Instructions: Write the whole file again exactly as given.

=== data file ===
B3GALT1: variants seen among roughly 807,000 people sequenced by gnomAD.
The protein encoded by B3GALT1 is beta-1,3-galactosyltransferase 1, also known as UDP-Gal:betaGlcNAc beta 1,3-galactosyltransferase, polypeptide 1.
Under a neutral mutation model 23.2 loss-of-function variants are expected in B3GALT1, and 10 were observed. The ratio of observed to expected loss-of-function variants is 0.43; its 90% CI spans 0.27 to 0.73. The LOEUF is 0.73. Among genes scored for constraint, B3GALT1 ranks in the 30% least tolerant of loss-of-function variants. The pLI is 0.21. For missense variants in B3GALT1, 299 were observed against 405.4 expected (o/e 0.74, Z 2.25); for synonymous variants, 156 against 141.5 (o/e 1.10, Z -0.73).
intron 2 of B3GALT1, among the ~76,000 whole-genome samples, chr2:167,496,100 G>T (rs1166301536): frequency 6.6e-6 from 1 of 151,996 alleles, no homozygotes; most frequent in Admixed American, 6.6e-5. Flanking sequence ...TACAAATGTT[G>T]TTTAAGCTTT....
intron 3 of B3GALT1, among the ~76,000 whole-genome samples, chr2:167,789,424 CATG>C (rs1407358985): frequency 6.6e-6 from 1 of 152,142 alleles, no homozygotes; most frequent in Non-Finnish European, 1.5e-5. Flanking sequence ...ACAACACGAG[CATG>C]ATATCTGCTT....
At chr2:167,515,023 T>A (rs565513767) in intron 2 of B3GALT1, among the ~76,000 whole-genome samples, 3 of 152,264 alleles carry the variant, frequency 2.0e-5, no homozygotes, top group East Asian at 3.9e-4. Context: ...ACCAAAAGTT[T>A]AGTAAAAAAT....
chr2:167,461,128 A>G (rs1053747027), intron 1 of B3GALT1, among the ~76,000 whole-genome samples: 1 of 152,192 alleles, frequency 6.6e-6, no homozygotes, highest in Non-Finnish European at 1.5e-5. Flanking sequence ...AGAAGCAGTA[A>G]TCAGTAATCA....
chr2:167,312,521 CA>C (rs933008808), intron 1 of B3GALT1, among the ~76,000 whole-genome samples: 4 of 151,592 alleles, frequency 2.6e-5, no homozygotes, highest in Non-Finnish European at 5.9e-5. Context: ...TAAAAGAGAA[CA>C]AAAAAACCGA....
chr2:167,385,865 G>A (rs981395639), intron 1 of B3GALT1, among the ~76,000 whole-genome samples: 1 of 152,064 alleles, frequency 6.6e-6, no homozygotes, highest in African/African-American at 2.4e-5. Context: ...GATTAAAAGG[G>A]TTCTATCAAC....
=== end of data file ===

B3GALT1: variants seen among roughly 807,000 people sequenced by gnomAD.
The protein encoded by B3GALT1 is beta-1,3-galactosyltransferase 1, also known as UDP-Gal:betaGlcNAc beta 1,3-galactosyltransferase, polypeptide 1.
Under a neutral mutation model 23.2 loss-of-function variants are expected in B3GALT1, and 10 were observed. The ratio of observed to expected loss-of-function variants is 0.43; its 90% CI spans 0.27 to 0.73. The LOEUF is 0.73. Among genes scored for constraint, B3GALT1 ranks in the 30% least tolerant of loss-of-function variants. The pLI is 0.21. For missense variants in B3GALT1, 299 were observed against 405.4 expected (o/e 0.74, Z 2.25); for synonymous variants, 156 against 141.5 (o/e 1.10, Z -0.73).
intron 2 of B3GALT1, among the ~76,000 whole-genome samples, chr2:167,496,100 G>T (rs1166301536): frequency 6.6e-6 from 1 of 151,996 alleles, no homozygotes; most frequent in Admixed American, 6.6e-5. Flanking sequence ...TACAAATGTT[G>T]TTTAAGCTTT....
intron 3 of B3GALT1, among the ~76,000 whole-genome samples, chr2:167,789,424 CATG>C (rs1407358985): frequency 6.6e-6 from 1 of 152,142 alleles, no homozygotes; most frequent in Non-Finnish European, 1.5e-5. Flanking sequence ...ACAACACGAG[CATG>C]ATATCTGCTT....
At chr2:167,515,023 T>A (rs565513767) in intron 2 of B3GALT1, among the ~76,000 whole-genome samples, 3 of 152,264 alleles carry the variant, frequency 2.0e-5, no homozygotes, top group East Asian at 3.9e-4. Context: ...ACCAAAAGTT[T>A]AGTAAAAAAT....
chr2:167,461,128 A>G (rs1053747027), intron 1 of B3GALT1, among the ~76,000 whole-genome samples: 1 of 152,192 alleles, frequency 6.6e-6, no homozygotes, highest in Non-Finnish European at 1.5e-5. Flanking sequence ...AGAAGCAGTA[A>G]TCAGTAATCA....
chr2:167,312,521 CA>C (rs933008808), intron 1 of B3GALT1, among the ~76,000 whole-genome samples: 4 of 151,592 alleles, frequency 2.6e-5, no homozygotes, highest in Non-Finnish European at 5.9e-5. Context: ...TAAAAGAGAA[CA>C]AAAAAACCGA....
chr2:167,385,865 G>A (rs981395639), intron 1 of B3GALT1, among the ~76,000 whole-genome samples: 1 of 152,064 alleles, frequency 6.6e-6, no homozygotes, highest in African/African-American at 2.4e-5. Context: ...GATTAAAAGG[G>A]TTCTATCAAC....